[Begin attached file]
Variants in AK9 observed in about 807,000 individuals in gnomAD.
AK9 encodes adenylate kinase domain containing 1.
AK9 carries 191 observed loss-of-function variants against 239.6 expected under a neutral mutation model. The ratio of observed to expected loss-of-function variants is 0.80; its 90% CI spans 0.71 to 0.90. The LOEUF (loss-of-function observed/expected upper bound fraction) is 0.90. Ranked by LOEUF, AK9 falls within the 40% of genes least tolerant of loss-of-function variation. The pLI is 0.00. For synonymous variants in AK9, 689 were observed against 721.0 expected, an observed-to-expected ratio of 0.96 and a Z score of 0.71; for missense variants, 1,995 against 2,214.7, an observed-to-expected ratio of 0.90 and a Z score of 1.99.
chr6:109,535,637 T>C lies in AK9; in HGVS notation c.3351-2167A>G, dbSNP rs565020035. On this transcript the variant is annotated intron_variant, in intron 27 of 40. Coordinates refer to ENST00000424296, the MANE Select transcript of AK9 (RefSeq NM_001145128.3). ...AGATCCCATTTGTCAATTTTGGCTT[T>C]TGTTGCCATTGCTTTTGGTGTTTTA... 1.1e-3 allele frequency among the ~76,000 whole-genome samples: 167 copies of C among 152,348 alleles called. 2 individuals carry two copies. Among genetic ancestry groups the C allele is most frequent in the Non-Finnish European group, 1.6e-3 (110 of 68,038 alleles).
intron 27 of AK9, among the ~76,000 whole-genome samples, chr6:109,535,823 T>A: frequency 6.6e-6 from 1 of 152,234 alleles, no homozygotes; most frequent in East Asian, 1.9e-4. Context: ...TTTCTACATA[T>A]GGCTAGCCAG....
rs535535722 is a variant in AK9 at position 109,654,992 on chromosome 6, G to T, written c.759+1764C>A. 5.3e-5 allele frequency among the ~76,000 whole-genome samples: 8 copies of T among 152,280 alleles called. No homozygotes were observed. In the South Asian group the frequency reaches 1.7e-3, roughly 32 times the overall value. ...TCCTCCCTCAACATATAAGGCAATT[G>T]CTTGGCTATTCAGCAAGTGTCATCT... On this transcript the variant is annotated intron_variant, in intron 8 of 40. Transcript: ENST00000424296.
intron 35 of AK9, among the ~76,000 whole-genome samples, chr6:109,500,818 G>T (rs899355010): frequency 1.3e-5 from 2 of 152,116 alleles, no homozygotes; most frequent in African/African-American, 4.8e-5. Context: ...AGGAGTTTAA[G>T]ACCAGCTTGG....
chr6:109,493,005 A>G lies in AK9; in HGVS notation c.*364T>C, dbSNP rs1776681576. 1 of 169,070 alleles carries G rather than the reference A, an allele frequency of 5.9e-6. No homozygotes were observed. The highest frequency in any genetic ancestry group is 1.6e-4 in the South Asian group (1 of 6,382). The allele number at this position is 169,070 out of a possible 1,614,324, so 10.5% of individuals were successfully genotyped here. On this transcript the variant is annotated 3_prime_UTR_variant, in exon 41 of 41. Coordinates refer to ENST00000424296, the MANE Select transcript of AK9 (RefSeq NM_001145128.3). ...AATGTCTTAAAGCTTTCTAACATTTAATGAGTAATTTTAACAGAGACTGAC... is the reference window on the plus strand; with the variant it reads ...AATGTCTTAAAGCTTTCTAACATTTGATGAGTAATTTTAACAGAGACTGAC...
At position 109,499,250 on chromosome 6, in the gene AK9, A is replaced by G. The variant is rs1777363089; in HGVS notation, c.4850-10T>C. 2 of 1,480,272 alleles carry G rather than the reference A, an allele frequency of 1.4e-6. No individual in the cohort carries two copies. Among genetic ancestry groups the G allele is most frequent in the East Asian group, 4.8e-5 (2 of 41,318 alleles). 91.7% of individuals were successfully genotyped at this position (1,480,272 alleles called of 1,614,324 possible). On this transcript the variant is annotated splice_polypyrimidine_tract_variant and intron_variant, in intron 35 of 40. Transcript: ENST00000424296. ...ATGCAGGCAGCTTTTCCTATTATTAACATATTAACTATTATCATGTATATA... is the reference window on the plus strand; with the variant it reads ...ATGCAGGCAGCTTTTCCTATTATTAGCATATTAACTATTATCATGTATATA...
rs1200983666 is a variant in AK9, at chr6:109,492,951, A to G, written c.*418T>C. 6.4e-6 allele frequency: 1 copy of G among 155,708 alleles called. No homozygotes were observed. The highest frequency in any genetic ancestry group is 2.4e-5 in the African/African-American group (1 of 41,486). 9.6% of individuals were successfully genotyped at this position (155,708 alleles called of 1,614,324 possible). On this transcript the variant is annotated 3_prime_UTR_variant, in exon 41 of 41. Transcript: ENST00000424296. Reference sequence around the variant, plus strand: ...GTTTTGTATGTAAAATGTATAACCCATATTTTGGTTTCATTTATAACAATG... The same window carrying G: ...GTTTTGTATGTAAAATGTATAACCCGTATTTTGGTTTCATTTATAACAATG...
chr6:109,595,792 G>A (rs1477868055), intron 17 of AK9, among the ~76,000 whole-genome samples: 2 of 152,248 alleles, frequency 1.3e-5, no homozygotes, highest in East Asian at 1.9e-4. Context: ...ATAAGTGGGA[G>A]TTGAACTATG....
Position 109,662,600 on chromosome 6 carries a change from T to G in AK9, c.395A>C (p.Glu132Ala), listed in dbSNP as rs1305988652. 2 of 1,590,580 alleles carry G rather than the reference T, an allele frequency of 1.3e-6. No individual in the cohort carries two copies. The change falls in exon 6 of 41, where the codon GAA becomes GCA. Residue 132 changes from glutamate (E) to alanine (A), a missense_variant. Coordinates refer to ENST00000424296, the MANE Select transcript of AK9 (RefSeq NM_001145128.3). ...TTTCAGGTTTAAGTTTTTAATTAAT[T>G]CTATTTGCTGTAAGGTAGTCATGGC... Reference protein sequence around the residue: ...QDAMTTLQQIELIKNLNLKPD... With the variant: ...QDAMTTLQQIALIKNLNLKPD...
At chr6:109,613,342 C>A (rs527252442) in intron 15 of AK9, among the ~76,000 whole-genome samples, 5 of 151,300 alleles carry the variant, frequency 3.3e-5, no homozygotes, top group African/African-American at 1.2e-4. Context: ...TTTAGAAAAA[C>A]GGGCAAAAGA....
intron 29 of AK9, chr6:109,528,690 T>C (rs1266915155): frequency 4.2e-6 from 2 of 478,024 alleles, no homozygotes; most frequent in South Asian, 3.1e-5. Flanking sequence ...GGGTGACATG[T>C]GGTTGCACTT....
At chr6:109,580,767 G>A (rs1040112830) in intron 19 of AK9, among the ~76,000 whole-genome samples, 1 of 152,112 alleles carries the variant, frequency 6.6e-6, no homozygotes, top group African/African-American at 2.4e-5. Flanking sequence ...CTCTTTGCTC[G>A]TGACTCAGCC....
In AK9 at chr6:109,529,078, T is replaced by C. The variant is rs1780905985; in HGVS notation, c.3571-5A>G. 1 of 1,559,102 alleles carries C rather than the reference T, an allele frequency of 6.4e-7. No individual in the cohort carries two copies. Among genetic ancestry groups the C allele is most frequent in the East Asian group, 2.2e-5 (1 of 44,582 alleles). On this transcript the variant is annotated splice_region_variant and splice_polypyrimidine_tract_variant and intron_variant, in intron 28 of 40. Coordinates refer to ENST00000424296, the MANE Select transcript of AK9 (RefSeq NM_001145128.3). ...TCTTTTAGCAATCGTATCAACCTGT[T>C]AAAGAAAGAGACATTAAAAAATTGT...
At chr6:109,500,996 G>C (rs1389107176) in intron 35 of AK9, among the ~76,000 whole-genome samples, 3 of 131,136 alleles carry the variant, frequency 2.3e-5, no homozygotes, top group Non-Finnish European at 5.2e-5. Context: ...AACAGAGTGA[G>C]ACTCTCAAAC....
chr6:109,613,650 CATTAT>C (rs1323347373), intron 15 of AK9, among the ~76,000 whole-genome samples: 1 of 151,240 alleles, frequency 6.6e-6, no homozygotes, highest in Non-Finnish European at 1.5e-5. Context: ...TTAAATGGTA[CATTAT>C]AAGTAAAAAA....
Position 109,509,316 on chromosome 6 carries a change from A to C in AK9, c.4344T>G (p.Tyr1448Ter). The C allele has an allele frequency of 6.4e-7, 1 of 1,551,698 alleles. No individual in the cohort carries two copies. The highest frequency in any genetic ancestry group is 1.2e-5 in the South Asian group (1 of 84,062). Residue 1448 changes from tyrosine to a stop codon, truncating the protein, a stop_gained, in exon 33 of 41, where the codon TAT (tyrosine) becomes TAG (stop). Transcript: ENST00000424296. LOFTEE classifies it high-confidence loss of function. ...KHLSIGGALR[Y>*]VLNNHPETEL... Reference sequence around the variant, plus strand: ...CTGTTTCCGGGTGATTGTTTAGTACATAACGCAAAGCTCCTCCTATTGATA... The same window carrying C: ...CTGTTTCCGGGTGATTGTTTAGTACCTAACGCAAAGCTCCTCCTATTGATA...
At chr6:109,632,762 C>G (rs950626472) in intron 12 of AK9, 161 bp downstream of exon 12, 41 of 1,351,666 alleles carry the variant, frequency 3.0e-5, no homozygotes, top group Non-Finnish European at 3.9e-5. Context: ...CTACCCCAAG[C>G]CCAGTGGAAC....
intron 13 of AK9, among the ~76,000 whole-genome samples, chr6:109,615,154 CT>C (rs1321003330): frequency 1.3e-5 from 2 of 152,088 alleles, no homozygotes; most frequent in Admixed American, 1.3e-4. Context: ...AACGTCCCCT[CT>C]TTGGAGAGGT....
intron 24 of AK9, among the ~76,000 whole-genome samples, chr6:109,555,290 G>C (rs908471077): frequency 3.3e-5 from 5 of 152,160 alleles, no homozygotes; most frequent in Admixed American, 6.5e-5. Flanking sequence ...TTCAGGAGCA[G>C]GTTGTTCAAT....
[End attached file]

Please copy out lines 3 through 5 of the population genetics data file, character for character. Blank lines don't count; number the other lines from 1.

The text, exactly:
AK9 carries 191 observed loss-of-function variants against 239.6 expected under a neutral mutation model. The ratio of observed to expected loss-of-function variants is 0.80; its 90% CI spans 0.71 to 0.90. The LOEUF (loss-of-function observed/expected upper bound fraction) is 0.90. Ranked by LOEUF, AK9 falls within the 40% of genes least tolerant of loss-of-function variation. The pLI is 0.00. For synonymous variants in AK9, 689 were observed against 721.0 expected, an observed-to-expected ratio of 0.96 and a Z score of 0.71; for missense variants, 1,995 against 2,214.7, an observed-to-expected ratio of 0.90 and a Z score of 1.99.
chr6:109,535,637 T>C lies in AK9; in HGVS notation c.3351-2167A>G, dbSNP rs565020035. On this transcript the variant is annotated intron_variant, in intron 27 of 40. Coordinates refer to ENST00000424296, the MANE Select transcript of AK9 (RefSeq NM_001145128.3). ...AGATCCCATTTGTCAATTTTGGCTT[T>C]TGTTGCCATTGCTTTTGGTGTTTTA... 1.1e-3 allele frequency among the ~76,000 whole-genome samples: 167 copies of C among 152,348 alleles called. 2 individuals carry two copies. Among genetic ancestry groups the C allele is most frequent in the Non-Finnish European group, 1.6e-3 (110 of 68,038 alleles).
intron 27 of AK9, among the ~76,000 whole-genome samples, chr6:109,535,823 T>A: frequency 6.6e-6 from 1 of 152,234 alleles, no homozygotes; most frequent in East Asian, 1.9e-4. Context: ...TTTCTACATA[T>A]GGCTAGCCAG....